Something called “The i”, which is “a British national newspaper published in London by Daily Mail and General Trust” whose marketing department is apparently desperate to seem hip, bellows that “People would not die in storms like Babet if country was better prepared, climate scientist warns”. Because apparently people never died in storms in Britain before there was a climate. (Besides, are you saying adaptation is the answer?) Meanwhile a BBC item on pre-Columbian carvings that have surfaced due to low water in the Amazon insists that “The Brazilian government attributes the drought to climate change and the El Niño weather phenomenon, which has caused the volume of rainfall in the northern Amazon to fall below the historical average and river levels to drop to near record levels.” But if so, how were people carving there a thousand or even two thousand years ago? Were they holding their breath? Or is drought natural and periodic? No, it can’t be. It mustn’t be.
The Babet story tells us that “Seven people have died as a result of Storm Babet, which brought heavy rain and flooding to parts of the country over the weekend.” And nowadays deaths from natural disasters are so rare in the developed world that seven is a lot. No, wait. Damages and death are soaring, right?
Absolutely. “Extreme rainfall and flooding is becoming more common” and:
“According to scientists, weather events such as Storm Babet have become far more common in the UK due to climate change and will continue to become more frequent for as long as global temperatures continue to rise.”
Who are these scientists? Why, the ones in our Rolodex, and those who get past the gatekeepers by blaming it all on climate. Like, say, “Dr Friederike Otto, a climate scientist at the Grantham Institute for Climate Change” who is, no doubt, free to attribute all, some or none of it to man-made climate change in pursuit of their vision (“A sustainable, resilient, zero-carbon society”, funded with millions of pounds from the Grantham Foundation that says “Climate change is the greatest challenge humanity has ever faced. It is the race of our lives.”). She just happens to… but we digress.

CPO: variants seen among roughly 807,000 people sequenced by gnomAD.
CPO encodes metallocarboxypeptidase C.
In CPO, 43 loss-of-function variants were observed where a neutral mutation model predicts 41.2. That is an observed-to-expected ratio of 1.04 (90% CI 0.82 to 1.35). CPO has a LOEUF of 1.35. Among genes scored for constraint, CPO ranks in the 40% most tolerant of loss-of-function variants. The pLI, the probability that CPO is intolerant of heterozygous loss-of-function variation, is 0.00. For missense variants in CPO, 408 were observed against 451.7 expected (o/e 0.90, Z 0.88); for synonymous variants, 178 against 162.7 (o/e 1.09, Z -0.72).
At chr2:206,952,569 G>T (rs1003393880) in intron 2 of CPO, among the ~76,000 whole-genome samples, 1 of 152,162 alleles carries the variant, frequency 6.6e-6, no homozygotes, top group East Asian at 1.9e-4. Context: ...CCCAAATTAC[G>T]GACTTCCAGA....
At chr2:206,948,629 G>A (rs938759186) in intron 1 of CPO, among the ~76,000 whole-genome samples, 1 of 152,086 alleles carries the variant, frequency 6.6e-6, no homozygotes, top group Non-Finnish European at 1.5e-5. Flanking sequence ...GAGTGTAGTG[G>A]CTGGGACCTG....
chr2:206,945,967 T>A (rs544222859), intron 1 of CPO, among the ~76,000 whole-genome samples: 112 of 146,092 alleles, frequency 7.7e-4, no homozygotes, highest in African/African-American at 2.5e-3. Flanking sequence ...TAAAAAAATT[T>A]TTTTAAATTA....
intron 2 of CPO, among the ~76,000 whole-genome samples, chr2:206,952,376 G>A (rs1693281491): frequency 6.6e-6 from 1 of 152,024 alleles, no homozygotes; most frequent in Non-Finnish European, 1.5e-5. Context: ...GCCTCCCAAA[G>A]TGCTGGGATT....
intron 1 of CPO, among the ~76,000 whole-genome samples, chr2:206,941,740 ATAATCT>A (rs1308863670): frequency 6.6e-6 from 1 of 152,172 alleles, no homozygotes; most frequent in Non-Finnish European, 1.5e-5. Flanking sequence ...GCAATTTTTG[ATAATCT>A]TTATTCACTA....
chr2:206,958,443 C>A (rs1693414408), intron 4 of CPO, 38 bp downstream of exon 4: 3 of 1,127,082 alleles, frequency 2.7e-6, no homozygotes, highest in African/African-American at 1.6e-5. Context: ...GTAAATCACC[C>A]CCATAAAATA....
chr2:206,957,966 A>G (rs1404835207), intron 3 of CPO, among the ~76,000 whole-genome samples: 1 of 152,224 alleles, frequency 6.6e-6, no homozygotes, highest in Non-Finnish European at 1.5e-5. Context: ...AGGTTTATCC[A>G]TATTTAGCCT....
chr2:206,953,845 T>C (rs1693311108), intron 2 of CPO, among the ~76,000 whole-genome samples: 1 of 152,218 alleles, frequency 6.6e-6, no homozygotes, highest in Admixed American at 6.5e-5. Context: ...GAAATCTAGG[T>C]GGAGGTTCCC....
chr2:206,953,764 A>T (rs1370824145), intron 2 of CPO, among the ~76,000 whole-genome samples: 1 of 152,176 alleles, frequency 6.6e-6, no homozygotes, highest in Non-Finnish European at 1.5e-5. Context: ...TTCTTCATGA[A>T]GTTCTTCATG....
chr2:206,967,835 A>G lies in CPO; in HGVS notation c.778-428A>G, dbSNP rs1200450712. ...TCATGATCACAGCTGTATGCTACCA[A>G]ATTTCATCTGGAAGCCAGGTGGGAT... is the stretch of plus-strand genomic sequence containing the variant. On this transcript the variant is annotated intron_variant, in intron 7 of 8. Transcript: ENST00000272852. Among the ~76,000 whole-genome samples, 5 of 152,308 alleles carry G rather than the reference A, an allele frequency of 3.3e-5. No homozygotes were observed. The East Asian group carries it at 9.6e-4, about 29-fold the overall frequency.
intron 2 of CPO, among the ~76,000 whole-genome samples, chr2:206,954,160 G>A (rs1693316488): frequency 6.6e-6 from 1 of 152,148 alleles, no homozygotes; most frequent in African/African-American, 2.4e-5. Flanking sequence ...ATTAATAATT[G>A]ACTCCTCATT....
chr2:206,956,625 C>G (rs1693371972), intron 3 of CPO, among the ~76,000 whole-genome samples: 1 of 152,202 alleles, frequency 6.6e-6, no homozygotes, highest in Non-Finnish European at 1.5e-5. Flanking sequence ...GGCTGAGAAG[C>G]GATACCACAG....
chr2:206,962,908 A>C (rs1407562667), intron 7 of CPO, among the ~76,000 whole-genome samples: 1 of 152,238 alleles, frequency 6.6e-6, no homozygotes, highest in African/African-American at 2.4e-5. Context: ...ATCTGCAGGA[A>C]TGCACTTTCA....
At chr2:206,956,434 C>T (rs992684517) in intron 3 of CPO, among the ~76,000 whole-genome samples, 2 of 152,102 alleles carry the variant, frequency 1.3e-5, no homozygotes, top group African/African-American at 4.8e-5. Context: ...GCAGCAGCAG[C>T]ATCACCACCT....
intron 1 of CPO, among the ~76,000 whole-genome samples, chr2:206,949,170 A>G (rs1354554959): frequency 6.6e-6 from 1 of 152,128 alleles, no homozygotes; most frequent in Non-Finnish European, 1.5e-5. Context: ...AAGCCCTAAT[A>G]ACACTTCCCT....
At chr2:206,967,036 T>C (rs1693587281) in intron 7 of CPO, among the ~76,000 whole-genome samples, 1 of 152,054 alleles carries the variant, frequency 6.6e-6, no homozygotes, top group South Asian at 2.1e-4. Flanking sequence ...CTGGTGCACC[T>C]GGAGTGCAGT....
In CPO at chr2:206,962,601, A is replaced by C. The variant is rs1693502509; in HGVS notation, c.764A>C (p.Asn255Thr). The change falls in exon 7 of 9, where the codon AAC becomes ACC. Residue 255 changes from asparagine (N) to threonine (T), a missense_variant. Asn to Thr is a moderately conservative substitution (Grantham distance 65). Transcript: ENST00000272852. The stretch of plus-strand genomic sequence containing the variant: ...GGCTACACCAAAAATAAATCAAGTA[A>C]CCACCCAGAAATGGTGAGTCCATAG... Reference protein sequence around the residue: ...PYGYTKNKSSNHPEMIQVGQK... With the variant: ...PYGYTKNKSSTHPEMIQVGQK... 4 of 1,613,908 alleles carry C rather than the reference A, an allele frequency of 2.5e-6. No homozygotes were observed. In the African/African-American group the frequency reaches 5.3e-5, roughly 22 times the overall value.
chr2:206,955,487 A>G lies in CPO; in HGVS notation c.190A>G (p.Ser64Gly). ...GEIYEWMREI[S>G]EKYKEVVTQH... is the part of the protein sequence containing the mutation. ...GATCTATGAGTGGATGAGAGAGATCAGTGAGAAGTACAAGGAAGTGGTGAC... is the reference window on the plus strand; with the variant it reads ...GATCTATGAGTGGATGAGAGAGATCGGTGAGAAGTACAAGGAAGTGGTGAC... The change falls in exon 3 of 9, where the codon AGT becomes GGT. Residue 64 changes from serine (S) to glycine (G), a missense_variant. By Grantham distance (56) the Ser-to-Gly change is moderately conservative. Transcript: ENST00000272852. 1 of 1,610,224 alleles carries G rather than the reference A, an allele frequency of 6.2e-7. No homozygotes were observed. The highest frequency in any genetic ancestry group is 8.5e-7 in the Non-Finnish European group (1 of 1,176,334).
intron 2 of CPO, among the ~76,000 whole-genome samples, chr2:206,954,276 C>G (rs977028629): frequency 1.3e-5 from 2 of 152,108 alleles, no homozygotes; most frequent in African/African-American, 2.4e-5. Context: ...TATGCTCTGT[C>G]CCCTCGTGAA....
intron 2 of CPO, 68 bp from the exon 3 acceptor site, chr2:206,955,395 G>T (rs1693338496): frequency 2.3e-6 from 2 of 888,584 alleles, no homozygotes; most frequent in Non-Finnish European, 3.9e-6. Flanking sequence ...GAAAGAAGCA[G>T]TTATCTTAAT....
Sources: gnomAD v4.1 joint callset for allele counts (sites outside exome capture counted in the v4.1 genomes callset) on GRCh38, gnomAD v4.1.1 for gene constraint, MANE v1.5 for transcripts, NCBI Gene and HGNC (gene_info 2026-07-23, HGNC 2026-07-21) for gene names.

The piece makes it all sound utterly authoritative. This increase in weather in the UK:
“is largely because a warm atmosphere holds more water vapour, with the atmosphere’s capacity for holding moisture increasing by 7 per cent with every one degree rise in air temperature.”
Seven per cent. How precise. What settled science. As for “events such as Storm Babet”, what does that really mean? Well, in Portugal several ceilings were torn off. In Norway, over 20,000 people were without electricity, a road was closed and several planes could not land.
Oddly, the Wikipedia article incautiously offers a link to the “Great storm of 1987 – a powerful European windstorm which also hit the United Kingdom during mid-October” with “gusts typically with a return period of 1 in 200 years”. So are we to understand that the brutal impacts of man-made climate change were in full swing 40 years ago? Or that you’re just hyping a storm for polemical purposes?
Maybe the latter, given that Daniel Dafoe’s 1704 The Storm describes a week-long hurricane that hit in November 1703, so long ago it was December in the Gregorian calendar, and not realizing climate change meant doom killed over 8,000 people out of a much smaller population. Not to mention “Saint Marcellus’s flood” in 1362 that killed at least 25,000 people from the British Isles to northern Germany, that being the second such flood, the first in 1219 having killed perhaps 36,000 on the continent.
Now we understand journalists not knowing about such things as they probably don’t have Google on their computers. But what’s a scientist’s excuse? Oh right. It’s not about the data, it’s about the model projections:
“Grahame Madge, from the Met Office… said the UK is already seeing more days recording over 50mm of rain due to climate change, while Met Office research has found the number of days with daily rainfall totals exceeding 50mm during October, November and December will increase by 85 per cent between 2019 and 2080 unless emissions are controlled.”
P.S. The “The i” piece did mention that “Dr Jess Neuman, a flooding expert at the University of Reading, said the UK should not be thinking about events such as Storm Babet ‘as a one-off freak event’.” We agree heartily but not in the way she and they meant. Actually floods have been happening in the UK since the “Storegga Slide“, which was before Britain was even an island, and are not caused by CO2.